What was it that inspired “The Smith of Hockley”?

The image of the Midas Scorpion has been kicking around in my head for years, looking for a story to appear in, and Birmingham’s Jewellery Quarter was the perfect setting, but I couldn’t square that with any mythology which wasn’t uniquely English so I did a bit of hunting around and re-discovered the legend of Wayland Smith, which, in turn, tied in nicely with the discovery of the Staffordshire Hoard. I find that there’s hardly ever a single inspiration for a story – images and ideas constellate together and reinforce each other organically, for the most part.

How urban do you like your fantasy and who are your must-read authors?

Urban fantasy is what I like to write because it stems from my own anxieties and hang-ups, and I find it easier to find emotional hooks for my characters in the world that I know. It also allows me to be a bit lighter and more whimsical in what I write, as I basically can’t take anything very seriously for long and I don’t think I could sustain the seriousness of an out-and-out horror novel. In terms of what I read I’m a lot more wide-ranging. I like a bit of high fantasy, and I’m also quite loving Stephen Baxter’s Northland trilogy at the moment because it incorporates a lot of my interests in archaeology and alternate history – plus it’s a cracking story, which helps.

I’ve also been reading Edgelands by Michael Symmons Roberts and Paul Farley, which isn’t fiction at all, but more travelogue-cum-poetry about the marginal areas of Britain’s urban areas. I understand why London looms large in the urban fantasy genre, and I have no problem with that, but for myself I want to explore the fantastical potential of where I live, which is the Midlands. Writers I keep coming back to for inspiration are Robert Holdstock, Neil Gaiman, Graham Joyce, Christopher Fowler, and Clive Barker. My new discoveries are Sarah Pinborough and Robert Shearman, both of whose work I’m currently devouring.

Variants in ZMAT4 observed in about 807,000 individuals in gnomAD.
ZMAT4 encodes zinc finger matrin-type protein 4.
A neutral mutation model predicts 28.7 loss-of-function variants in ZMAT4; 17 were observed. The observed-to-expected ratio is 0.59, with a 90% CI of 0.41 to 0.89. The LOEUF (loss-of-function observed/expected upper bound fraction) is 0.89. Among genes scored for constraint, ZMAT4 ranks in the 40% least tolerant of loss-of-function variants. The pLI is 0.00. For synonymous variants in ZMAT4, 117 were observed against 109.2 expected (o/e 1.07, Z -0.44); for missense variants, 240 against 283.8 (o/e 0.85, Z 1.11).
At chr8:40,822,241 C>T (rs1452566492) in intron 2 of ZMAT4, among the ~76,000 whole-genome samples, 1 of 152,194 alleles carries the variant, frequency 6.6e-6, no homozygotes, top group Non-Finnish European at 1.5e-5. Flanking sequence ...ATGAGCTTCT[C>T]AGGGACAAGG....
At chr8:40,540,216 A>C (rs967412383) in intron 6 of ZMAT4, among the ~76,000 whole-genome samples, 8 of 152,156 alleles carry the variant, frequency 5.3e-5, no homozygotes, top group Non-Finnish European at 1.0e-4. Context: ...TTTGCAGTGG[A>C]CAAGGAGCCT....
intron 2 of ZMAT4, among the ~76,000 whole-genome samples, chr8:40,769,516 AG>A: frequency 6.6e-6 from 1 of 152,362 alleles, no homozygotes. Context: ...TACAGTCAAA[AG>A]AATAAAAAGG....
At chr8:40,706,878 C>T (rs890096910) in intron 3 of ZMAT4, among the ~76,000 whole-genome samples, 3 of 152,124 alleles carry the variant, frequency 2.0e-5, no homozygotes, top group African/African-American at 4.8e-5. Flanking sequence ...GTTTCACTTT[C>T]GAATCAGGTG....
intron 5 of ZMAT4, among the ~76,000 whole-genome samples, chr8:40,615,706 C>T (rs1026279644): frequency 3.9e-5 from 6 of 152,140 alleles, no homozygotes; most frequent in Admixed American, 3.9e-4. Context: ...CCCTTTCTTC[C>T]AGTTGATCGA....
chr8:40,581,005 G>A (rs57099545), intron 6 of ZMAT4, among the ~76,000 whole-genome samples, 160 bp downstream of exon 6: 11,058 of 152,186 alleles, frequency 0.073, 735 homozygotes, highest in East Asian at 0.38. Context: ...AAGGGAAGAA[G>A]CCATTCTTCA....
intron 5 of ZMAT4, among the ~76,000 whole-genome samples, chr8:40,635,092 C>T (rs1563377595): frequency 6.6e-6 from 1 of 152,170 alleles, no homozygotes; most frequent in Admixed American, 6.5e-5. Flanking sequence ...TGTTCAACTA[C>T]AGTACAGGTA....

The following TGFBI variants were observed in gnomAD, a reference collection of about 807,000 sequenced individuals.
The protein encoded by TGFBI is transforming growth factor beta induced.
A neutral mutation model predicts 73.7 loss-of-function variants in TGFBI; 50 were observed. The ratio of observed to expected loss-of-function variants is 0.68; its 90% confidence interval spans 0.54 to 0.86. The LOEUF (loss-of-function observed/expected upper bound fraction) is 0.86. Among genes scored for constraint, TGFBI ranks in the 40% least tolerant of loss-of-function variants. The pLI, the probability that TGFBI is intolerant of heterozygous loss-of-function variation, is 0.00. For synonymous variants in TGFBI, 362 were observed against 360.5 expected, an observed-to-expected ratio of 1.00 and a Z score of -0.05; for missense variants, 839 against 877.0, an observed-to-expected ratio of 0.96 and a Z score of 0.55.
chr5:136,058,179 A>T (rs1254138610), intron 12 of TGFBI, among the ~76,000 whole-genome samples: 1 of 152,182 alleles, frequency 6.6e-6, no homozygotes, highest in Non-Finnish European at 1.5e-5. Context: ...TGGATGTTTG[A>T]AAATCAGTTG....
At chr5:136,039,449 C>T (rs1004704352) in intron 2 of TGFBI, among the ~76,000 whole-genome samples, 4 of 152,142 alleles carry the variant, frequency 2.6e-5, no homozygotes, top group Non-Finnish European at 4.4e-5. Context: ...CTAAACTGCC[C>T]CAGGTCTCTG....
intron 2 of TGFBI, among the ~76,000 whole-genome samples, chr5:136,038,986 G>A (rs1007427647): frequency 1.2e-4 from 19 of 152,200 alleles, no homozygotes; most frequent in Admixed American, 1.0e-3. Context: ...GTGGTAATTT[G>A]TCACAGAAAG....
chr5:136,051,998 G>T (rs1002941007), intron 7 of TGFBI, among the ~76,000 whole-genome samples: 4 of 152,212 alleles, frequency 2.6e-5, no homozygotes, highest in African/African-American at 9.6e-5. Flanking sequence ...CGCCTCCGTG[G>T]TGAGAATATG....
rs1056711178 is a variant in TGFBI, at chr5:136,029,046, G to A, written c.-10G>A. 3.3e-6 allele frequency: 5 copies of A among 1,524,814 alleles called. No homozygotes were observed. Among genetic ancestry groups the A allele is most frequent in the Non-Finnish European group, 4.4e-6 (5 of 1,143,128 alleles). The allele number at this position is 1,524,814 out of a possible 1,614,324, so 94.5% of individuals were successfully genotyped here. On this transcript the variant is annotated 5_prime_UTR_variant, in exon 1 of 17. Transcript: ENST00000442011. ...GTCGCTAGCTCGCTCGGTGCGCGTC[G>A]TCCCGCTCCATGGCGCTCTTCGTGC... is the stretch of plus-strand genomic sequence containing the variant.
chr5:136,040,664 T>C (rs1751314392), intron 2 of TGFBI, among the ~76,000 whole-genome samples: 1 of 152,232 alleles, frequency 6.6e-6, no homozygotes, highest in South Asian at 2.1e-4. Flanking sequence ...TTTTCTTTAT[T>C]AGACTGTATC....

What is Den of Eek!2 and how are you involved?

Den of Eek 2 is the sequel to – wait for it – Den of Eek, which was a story-telling event last year hosted by the pop-culture website Den of Geek in order to raise money for cancer research. I became involved when they had a competition for new writers, and I was one of three winners. I went down to London just like it says in the fairy tale and had the most awesome evening in a pub reading my story to an audience alongside established novelists and screenwriters, and feeling massively out of my league. Still, it must have gone down okay because they invited me to write another story for this year’s event. I demand that everybody reading this go and buy a copy of the Den of Eek anthology from Amazon immediately – every penny goes to charity. After they’ve bought Urban Mythic, of course.

What are you up to next?

By the time Urban Mythic is launched I will have released my second novel, Tourmaline. It’s urban fantasy again, with elements of steampunk in an alternative world intersecting with our own. I’ll also have a short story about a road-kill restaurant in an anthology called The Last Diner by Knightwatch Press. Con-wise I have two big dates coming up: London Film and Comic Con in October, where I’ll be signing copies of Tourmaline, and I’ll be appearing on a panel at Andromeda One in Birmingham on September 21st, which is very exciting as it’s my first. Other than that, the new school year begins soon, so I’m going to have to start thinking about the real world soon. Which brings us nicely full circle. I like the symmetry of that.

[James Brogden is a part-time Australian who lives with his wife and two daughters in Bromsgrove, Worcestershire, where he teaches English. His stories have appeared in various magazines and anthologies such as the Big Issue, the British Fantasy Society’s Dark Horizons, Urban Occult, and the Alchemy Press Book of Ancient Wonders, and he was a winner of Den Of Geek’s new talent showcase with his story The Phantom Limb. His new urban fantasy novel Tourmaline is published by Snowbooks in September of 2013. Blogging occurs at jamesbrogden.blogspot.co.uk, and tweeting at @skippybe.]